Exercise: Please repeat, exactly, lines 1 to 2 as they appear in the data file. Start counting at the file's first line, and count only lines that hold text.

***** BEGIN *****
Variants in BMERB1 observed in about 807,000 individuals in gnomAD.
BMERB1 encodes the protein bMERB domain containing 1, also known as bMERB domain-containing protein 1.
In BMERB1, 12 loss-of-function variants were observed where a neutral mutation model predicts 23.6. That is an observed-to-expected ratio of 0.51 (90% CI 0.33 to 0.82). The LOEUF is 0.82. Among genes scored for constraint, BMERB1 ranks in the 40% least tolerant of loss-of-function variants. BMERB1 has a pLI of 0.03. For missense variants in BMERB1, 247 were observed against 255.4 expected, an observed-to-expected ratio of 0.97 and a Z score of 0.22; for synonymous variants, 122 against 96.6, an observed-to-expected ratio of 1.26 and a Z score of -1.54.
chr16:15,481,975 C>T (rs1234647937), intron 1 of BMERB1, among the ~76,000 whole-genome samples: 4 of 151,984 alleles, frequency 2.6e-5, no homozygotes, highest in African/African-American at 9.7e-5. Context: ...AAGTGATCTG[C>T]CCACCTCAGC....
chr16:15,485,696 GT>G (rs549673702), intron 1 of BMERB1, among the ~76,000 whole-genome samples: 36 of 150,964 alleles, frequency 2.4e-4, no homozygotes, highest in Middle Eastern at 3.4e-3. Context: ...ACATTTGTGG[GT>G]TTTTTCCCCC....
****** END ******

Variants in BMERB1 observed in about 807,000 individuals in gnomAD.
BMERB1 encodes the protein bMERB domain containing 1, also known as bMERB domain-containing protein 1.